If you are conducting your blog as a business and dealing with PR, Press and other businesses, at some point you will need to write professional emails.
You have to be serious and professional if you want others to take you as a professional.
It’s easier when you are responding to an email that was sent to you first because you can use their email as a clue to what tone and level of professionalism your email should take.
How to Write Professional Emails – General
- Use correct spelling and grammar. Use the included spell and grammar check but read your emails again before sending as well because sometimes it won’t catch an error, especially if the word you typed wrong is also a word. e.g. you meant plain but you wrote plane.
- Stick to actual words and not text speak. Before, not b4. That’s funny, not LOL. That’s great news, not WTG.
- For an even higher level of professionalism, do not use contractions. e.g. do not instead of don’t.
- NEVER TYPE IN ALL CAPITALS – IT MEANS YOU ARE YELLING
- Stick to the point. Now is not the time to ramble about your day or complain about something. Only write what needs to be read by the other.
- Include a professional looking signature (the name and contact info at the end of a message) with your email. NEVER write an email without at least a basic signature. Keep it simple and clean. Name, title, company, contact info, website. If you want to include a logo, make it a small version of it. Also be careful with quotes. Business quotes or general quotes about happiness or a balanced life are okay. Political, religious, sexual or silly quotes are not.
- Use a common font (Times New Roman/Calibri/Arial/Verdana) and font size (12). NO stationary. NO excessive pictures.
- Use a polite closing before your signature. Thank you for your time or I look forward to hearing from you work well.
- Use proper subject lines. Your subject line is what entices the other person to open your email. Make it clear so explains what the email is about. Do not write in the first person. Try for 6-10 words.
Responding to an Email
- Look at how the email is addressed to you and address it back the same way. If the email says Hello, you say Hello. If it says Hey, than you can use the informal Hey.
- Start out by thanking them for reaching out to you.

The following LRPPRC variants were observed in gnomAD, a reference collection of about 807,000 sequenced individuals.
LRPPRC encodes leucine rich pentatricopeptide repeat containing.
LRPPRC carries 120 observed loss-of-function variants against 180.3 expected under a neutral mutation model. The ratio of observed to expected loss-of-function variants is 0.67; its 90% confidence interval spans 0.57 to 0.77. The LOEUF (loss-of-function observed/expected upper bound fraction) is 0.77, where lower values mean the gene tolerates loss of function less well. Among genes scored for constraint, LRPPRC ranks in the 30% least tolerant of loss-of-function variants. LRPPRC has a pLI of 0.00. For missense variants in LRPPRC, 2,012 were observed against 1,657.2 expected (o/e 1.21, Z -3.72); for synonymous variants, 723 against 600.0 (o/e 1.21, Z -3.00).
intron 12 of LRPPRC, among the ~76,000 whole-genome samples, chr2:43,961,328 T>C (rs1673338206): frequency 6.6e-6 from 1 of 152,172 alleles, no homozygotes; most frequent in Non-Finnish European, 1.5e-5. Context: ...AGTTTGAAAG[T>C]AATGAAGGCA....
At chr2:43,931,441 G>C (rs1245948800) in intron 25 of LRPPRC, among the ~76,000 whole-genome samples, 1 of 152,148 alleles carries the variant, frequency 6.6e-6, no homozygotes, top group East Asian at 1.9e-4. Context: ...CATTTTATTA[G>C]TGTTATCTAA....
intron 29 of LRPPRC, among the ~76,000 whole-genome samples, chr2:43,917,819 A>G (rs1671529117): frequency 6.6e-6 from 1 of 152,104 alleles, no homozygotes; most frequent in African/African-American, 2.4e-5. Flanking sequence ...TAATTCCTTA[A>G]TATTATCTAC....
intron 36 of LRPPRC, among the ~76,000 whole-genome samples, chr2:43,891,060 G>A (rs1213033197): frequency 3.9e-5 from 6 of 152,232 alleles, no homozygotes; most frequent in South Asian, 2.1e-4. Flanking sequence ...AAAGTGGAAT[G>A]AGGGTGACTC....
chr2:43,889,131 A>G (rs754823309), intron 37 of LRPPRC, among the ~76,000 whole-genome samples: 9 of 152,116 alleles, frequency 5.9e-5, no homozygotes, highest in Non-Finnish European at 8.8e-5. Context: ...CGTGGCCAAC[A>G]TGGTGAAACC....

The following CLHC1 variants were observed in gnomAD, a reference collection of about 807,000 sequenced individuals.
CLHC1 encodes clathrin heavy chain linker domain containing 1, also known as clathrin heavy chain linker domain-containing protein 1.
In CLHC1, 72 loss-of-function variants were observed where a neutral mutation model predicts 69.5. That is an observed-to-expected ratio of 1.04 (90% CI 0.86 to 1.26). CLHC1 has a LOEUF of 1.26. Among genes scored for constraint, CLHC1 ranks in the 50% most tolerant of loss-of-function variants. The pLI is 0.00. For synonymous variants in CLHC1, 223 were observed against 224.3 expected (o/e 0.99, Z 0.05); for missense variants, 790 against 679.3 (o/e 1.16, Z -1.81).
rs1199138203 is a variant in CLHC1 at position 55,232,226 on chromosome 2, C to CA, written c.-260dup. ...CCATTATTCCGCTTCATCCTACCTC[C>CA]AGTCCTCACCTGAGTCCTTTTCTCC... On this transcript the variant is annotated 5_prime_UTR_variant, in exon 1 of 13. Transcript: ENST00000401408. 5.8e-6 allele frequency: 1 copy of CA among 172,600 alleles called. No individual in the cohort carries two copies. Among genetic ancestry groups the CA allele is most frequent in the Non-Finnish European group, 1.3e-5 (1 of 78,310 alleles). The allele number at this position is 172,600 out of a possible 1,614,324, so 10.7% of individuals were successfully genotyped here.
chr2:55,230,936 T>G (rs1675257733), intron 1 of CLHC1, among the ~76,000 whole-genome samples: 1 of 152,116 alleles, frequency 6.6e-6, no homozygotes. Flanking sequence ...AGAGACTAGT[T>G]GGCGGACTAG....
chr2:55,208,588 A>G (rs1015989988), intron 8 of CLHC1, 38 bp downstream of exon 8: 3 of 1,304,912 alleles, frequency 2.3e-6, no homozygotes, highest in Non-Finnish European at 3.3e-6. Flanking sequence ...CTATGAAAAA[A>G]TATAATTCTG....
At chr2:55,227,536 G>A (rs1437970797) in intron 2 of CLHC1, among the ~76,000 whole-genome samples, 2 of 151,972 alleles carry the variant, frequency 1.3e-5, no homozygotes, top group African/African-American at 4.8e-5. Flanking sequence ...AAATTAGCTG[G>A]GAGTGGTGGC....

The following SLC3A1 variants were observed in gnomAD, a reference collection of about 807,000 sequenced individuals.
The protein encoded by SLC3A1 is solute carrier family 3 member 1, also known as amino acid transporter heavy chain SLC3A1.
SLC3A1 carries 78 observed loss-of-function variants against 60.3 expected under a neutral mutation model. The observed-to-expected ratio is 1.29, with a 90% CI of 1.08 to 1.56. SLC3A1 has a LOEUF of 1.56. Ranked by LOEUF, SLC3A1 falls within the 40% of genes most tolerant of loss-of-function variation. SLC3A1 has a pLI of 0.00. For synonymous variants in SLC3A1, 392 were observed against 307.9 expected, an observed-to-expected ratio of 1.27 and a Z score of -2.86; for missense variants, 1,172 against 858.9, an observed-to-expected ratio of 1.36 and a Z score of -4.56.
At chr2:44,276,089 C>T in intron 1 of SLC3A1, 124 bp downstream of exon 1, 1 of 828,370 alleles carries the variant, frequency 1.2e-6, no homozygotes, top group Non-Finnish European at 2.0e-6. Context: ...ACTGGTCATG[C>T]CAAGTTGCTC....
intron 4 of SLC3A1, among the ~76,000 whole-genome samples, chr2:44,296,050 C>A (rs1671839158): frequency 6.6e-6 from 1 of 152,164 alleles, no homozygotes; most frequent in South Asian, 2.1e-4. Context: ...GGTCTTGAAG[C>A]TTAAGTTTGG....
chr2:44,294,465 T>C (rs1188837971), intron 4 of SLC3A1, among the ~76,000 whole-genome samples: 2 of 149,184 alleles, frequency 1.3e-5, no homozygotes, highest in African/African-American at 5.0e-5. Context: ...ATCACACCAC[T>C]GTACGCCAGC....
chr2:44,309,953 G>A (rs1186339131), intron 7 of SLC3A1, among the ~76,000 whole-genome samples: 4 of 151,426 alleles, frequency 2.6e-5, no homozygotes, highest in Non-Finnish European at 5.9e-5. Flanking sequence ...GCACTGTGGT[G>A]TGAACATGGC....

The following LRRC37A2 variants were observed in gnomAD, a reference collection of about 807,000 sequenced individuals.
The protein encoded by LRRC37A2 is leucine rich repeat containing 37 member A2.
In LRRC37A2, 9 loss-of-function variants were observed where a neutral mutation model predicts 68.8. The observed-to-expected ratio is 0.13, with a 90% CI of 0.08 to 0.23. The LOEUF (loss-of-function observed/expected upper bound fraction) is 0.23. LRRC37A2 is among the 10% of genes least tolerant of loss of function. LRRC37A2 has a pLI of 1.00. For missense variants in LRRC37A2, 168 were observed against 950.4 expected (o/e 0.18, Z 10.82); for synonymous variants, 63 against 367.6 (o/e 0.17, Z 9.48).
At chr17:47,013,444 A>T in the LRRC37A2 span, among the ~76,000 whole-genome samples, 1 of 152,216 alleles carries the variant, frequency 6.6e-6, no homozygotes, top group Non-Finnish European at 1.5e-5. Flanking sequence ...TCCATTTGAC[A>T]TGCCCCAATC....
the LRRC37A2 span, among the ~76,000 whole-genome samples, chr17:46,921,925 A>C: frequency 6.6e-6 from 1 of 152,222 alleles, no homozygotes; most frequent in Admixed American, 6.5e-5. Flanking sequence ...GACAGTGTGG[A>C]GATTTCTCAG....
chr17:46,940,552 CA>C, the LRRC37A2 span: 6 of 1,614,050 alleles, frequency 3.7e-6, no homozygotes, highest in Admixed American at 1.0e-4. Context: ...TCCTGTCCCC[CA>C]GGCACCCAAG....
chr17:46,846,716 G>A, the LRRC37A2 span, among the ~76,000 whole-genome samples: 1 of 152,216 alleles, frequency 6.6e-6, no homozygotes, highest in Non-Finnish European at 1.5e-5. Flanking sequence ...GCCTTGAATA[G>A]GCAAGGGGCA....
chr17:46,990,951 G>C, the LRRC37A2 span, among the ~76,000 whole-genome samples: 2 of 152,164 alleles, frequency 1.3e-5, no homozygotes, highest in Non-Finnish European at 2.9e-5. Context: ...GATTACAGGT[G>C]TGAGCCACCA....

- If it’s an offer and you are saying no, include something about being thankful for the email and to please keep you on their list for future work (unless of course, they keep sending spam offers and you don’t WANT to be on their list.)
- If it’s an offer and you are saying yes, try to balance your enthusiasm for being a part of the opportunity with professionalism. “Oh my gosh, thank you for picking me!” is not professional. “I look forward to the opportunity to work together on this campaign” is better.
- Even if the email has you feeling negative, keep your negative thoughts to yourself. Just state the facts you want to get across in a polite manner.
Writing a New Email
- If at all possible, know the name of the person you are addressing and use it. Dear Mary or Hello Jim is better than just a plain Hello or To Whom It May Concern. It’s more personable. If the contact info did not include a name and you can’t tell from the email address than it is best to start with Hello. Stay away from generic openings such as Hello Owner or Dear Webmaster.
- Introduce yourself first. This is a new contact and they don’t know who you are. Just jumping right into what you want is spam. You wouldn’t just walk up to a stranger and say “I want to work with you.” You would introduce yourself first. When you introduce yourself, use a professional title such as Content Creator or Owner or Writer as opposed to just blogger. Say your full name, your role and your website and if it isn’t glaringly obvious from your website or title, give a concise explanation of what you do.
- Get straight to the point. The person you are emailing is just as busy as you are (maybe even busier) so if you want your email read, get to the point right away. It’s even better if you start of with what you can offer them, as opposed to what you want from them. Try to stick with 2-3 paragraphs. You can always add details later.
Tuesday 27th of January 2015
These are fab pointers - as an English teacher I can concur!!
I, personally, tend to be flexible on the contraction rule... for instance, I MIGHT use a contraction to "soften the blow" of a decline email. Instead of "I do not think your product is a good fit for my site." (which to me seems really stern!), I would go with the more gentle, "I don't think your product fits my site content right now." It's so hard to convey tone via email and sometimes a contraction helps me feel like I'm sounding kinder. What do you think? :) But when in doubt, do not use contractions! (haha) My recent post A Gift for You: 101 Tech Free Toddler Activities Ebook
Tuesday 27th of January 2015
Good point! Yes I agree that the contraction softens the blow. I use contractions sometimes and not other times. If I am reaching out for the first time to a company I stick with professional and don't use them but with a PR person whom I've talked to lots of times, I use them.
Create With Joy
Sunday 25th of January 2015
Great pointers Kathleen - thanks for taking the time to share this info with us!